The unreal is more powerful than the real. Because nothing is as perfect as you can imagine it. Because its only intangible ideas, concepts, beliefs, fantasies that last. Stone crumbles. Wood rots. People, well, they die. But things as fragile as a thought, a dream, a legend, they can go on and on. If you can change the way people think. The way they see themselves. The way they see the world. You can change the way people live their lives. That’s the only lasting thing you can create.

Chuck Palahniuk

I don’t think we need to get too bogged down in what it is to be human in an increasingly technological world. Humans tend to: get cold, fall over, do stupid things, laugh at each other, die, worry, cry and pick their noses etc.

Today’s cult of convenience fails to acknowledge that difficulty is a constitutive feature of human experience. Convenience is all destination and no journey. But climbing a mountain is different from taking the tram to the top, even if you end up at the same place. We are becoming people who care mainly or only about outcomes. We are at risk of making most of our life experiences a series of trolley rides. An unwelcome consequence of living in a world where everything is “easy” is that the only skill that matters is the ability to multitask. At the extreme, we don’t actually do anything; we only arrange what will be done, which is a flimsy basis for a life.

The Tyranny of Convenience

A person is a thing that leases his life back — every moment of it — from technology, which charges him rent for digital existence. Such a person is a neo-serf. He has no real agency or autonomy or independence whatsoever. His choices are all decided in advance, by computer programs — whether about whom to date, what to do at work, or what to read and learn. Instead of being an owner of property — a home, assets, investments — he is constantly leasing his life back, in a kind of reverse-rental ponzi scheme of human potential, from programs which somehow, have come to own even his subjectivity, his selfhood — his thoughts, feelings, emotions, memories, intentions, desires. In this way, he is not really a person in the modern sense, a being with dignity, rights, meaning, and purpose— he is just a premodern creature, who pays lifelong rent to algorithms for the most basic acts of existence: for relationships, ideas, knowledge, intimacy, truth, selfhood itself. What else do you call such a person but a techno-serf?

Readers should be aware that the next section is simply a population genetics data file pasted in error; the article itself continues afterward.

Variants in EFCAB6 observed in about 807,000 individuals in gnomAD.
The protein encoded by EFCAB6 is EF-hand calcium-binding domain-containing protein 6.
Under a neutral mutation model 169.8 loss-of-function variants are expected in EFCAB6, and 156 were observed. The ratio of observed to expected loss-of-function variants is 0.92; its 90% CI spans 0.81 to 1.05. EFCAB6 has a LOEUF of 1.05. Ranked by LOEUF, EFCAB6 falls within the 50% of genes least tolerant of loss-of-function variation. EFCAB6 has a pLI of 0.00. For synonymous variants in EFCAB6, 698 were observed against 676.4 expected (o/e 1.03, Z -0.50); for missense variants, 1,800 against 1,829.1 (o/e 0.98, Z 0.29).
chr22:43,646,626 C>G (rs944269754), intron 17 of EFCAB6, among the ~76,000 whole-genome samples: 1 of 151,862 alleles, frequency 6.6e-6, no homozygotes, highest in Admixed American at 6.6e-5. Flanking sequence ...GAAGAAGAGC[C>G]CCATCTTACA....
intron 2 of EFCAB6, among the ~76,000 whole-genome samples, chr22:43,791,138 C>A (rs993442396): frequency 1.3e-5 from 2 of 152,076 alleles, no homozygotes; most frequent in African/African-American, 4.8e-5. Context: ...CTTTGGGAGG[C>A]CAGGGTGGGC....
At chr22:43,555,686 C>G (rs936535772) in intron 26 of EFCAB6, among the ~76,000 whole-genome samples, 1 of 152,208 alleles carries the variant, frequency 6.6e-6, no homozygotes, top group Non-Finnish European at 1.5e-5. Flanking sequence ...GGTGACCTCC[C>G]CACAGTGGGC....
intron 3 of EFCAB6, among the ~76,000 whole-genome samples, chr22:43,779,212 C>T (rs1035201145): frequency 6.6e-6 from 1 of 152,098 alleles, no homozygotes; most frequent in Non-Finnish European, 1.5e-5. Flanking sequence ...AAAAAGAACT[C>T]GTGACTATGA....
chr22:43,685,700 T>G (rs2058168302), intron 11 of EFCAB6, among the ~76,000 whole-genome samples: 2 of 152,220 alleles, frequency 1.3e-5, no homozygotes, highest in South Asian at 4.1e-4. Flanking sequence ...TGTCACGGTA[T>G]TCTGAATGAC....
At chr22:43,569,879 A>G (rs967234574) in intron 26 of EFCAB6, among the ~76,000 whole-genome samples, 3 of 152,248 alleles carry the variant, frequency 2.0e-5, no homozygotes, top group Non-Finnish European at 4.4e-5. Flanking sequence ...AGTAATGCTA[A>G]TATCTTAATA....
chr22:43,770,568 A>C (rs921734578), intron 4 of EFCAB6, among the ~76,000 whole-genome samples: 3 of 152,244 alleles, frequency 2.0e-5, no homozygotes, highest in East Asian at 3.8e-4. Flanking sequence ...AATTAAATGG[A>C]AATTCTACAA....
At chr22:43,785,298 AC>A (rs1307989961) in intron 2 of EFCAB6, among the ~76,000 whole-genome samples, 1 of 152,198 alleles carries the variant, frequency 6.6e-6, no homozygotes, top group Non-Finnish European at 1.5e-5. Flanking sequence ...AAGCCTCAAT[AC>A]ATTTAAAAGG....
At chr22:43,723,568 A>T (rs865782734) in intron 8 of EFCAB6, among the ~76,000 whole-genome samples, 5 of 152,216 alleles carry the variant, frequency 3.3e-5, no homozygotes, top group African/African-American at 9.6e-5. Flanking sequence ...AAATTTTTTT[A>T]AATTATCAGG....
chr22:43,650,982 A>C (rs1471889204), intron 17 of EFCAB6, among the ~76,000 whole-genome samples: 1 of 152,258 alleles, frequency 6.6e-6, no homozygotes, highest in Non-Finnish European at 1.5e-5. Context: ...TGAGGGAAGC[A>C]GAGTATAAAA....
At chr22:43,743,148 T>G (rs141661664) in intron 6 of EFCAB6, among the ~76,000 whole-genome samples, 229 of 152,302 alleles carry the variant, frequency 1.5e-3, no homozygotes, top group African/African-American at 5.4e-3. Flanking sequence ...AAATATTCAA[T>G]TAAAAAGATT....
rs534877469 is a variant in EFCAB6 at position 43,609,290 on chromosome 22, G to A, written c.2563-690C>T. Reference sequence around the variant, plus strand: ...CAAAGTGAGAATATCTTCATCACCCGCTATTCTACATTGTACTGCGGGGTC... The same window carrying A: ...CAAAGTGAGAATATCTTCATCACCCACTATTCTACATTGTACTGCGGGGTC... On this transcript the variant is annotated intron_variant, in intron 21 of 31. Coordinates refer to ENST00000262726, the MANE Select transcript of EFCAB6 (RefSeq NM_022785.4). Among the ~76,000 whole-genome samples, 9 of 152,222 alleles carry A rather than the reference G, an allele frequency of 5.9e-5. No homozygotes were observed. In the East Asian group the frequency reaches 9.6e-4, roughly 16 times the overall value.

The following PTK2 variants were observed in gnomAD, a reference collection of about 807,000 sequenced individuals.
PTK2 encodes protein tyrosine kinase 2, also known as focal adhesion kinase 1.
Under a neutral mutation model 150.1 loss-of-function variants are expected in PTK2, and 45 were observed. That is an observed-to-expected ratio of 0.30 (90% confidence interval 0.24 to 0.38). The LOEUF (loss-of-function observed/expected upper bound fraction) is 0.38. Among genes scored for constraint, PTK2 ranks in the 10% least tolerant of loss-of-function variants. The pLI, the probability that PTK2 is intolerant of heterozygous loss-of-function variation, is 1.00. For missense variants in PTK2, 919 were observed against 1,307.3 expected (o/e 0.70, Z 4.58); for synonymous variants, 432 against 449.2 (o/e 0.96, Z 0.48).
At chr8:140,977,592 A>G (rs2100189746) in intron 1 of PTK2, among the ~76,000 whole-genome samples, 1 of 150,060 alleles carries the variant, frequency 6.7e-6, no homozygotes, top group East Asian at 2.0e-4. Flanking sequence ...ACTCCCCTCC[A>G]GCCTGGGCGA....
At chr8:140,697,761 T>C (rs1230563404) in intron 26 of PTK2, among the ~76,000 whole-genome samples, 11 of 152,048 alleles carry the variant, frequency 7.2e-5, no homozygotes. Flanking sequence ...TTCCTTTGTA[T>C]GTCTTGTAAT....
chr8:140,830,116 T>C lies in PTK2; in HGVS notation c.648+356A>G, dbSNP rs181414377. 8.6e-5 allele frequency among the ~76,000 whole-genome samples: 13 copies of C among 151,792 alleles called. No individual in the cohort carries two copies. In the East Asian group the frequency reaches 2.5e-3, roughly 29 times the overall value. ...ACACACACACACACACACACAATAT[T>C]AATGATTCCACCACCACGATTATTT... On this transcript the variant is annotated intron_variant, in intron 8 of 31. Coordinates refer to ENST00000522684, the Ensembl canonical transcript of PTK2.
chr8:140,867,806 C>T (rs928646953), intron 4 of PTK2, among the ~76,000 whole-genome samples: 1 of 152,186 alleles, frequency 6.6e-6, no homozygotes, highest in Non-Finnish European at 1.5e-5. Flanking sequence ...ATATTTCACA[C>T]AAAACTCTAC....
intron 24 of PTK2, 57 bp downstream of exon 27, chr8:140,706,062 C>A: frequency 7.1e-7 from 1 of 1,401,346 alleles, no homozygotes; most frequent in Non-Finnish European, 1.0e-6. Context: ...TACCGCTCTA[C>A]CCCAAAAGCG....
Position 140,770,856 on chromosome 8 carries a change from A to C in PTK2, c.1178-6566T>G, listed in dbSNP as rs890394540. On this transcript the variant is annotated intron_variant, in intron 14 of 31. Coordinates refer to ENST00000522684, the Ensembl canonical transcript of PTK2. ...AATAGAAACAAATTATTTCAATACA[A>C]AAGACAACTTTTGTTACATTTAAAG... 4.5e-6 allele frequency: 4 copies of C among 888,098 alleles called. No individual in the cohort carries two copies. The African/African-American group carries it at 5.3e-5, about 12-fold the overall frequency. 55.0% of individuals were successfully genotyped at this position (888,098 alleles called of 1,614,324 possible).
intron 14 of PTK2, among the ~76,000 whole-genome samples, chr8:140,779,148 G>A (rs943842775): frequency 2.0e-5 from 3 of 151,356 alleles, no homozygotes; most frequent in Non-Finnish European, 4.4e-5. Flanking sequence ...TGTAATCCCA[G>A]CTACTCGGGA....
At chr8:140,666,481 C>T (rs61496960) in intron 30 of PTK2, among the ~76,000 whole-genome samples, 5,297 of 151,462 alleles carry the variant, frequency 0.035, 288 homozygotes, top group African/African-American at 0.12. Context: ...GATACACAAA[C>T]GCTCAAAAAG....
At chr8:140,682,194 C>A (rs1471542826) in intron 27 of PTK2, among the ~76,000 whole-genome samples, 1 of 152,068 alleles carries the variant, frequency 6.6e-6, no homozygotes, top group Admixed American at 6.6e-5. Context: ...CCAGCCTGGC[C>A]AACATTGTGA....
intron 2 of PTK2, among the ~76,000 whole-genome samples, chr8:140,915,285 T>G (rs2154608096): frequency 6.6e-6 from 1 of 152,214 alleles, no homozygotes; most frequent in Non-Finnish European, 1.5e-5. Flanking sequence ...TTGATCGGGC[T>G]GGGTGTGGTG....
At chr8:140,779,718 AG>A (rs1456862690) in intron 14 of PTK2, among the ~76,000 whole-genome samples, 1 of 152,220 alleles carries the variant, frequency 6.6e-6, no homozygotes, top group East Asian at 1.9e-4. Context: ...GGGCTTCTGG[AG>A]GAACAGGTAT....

What Happens When Technology Makes Us Go Backwards?

The office yoga class might seem trivial, or even like a nice perk. But it’s emblematic of the debasement of so many of our most basic human impulses and processes by the increasingly dexterous touch of capital. We should be looking for new ways to organize, new ways to think and act ourselves into freedom. Instead, today we are on the road towards an existence plugged into a bio-monitor, our sleeping patterns logged, our calorie intake mandated by the people who pay us just enough to live.

Downward-Facing Capitalist Dogma

And that’s when I decided that we — and by we I mean those of us currently drawing paychecks for professional design services — are design’s lost generation. We are the Family Ties era Michael J. Fox of the design lineage. Raised by hippies. Consumed by greed. Ruled by the hand of the market. And nourished by the last drops of sour milk from the withered old teat of capitalism gone rabid. Living where America ends — Silicon Valley.

Design’s Lost Generation – Mike Monteiro

Small b blogging is learning to write and think with the network. Small b blogging is writing content designed for small deliberate audiences and showing it to them. Small b blogging is deliberately chasing interesting ideas over pageviews and scale. An attempt at genuine connection vs the gloss and polish and mass market of most “content marketing.

Small b blogging